Directed by Julian Fellowes. Starring Tom Wilkinson, Emily Watson, Rupert Everett, Hermione Norris, John Warnaby, Richenda Carey, Linda Bassett, David Harewood. (2005, R, 85 min.)
REVIEWED By Raoul Hernandez, Fri., Oct. 28, 2005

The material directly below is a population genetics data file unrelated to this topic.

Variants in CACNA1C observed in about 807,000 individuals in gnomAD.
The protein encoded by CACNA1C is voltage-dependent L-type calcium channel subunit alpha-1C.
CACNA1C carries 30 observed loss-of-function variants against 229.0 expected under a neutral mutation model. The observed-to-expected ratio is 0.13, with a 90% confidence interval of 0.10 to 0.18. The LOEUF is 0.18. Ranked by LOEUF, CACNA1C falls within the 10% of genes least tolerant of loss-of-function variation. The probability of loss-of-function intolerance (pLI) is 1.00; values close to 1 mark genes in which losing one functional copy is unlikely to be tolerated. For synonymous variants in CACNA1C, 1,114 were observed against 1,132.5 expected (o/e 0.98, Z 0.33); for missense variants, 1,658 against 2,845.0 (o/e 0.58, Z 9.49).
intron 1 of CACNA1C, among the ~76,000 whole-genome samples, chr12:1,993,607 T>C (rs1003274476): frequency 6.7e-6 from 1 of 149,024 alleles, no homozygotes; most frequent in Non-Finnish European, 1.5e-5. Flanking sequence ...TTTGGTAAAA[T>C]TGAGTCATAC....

Julian Fellowes is two for two. The English TV actor’s first big screenwriting credit, the 2001 Robert Altman whodunit Gosford Park, netted him a Best Original Screenplay Oscar, and now with his directorial debut, Fellowes again demonstrates a mastery of British uppercrust dramas. Adapted from Nigel Balchin’s 1951 novel A Way Through the Wood, which, like Fellowes’ first book earlier this year, Snobs, irrevocably ties matrimony and social mores together like only the English can, Separate Lies throws in a body for good measure. Amidst midlife stasis in the lush countryside outside of London, James and Anne Manning (Wilkinson and Watson) are introduced to haughty playboy Bill Bule (Everett), whose dark good looks inspire the lady of the house to throw a cocktail party. When the husband of the Mannings’ maid is killed in a hit-and-run early that same evening, an ugly scrape on Bule’s SUV is thereafter all the circumstantial evidence necessary for barrister Manning to demand that the deathly hued younger snob turn himself in. Upon his wife’s confession that she too was in the vehicle, Manning’s confusion and dismay elicit a carnal, four-letter exclamation. "That’s what we were doing," whispers Anne. It’s one of the film’s pivotal moments, one that Watson (who’s like nails on a chalkboard to many filmgoers) underplays beautifully, as she does the entirety of her part. Wilkinson, of course, turns in another faultless performance, with Everett quietly adding to the mounting tension of the cover-up that follows Anne Manning’s admission, not to mention the love triangle that ensnares the three principal characters. All the secondary roles are expertly cast as well, particularly David Harewood as the detective intent on getting his man. Tying up crime, punishment, and heartbreak in under 90 minutes, Fellowes is all crisp, sharply executed right turns, the narrative continually narrowing down not into a police procedural, but rather into an clear-eyed accounting of the emotional price paid for loyalty among lovers. Like the best UK drawing room dilemmas, Separate Lies is more tart than bitter, with Fellowes, the Cambridge-educated son of a diplomat, acquitting himself grandly of cinematic boorishness.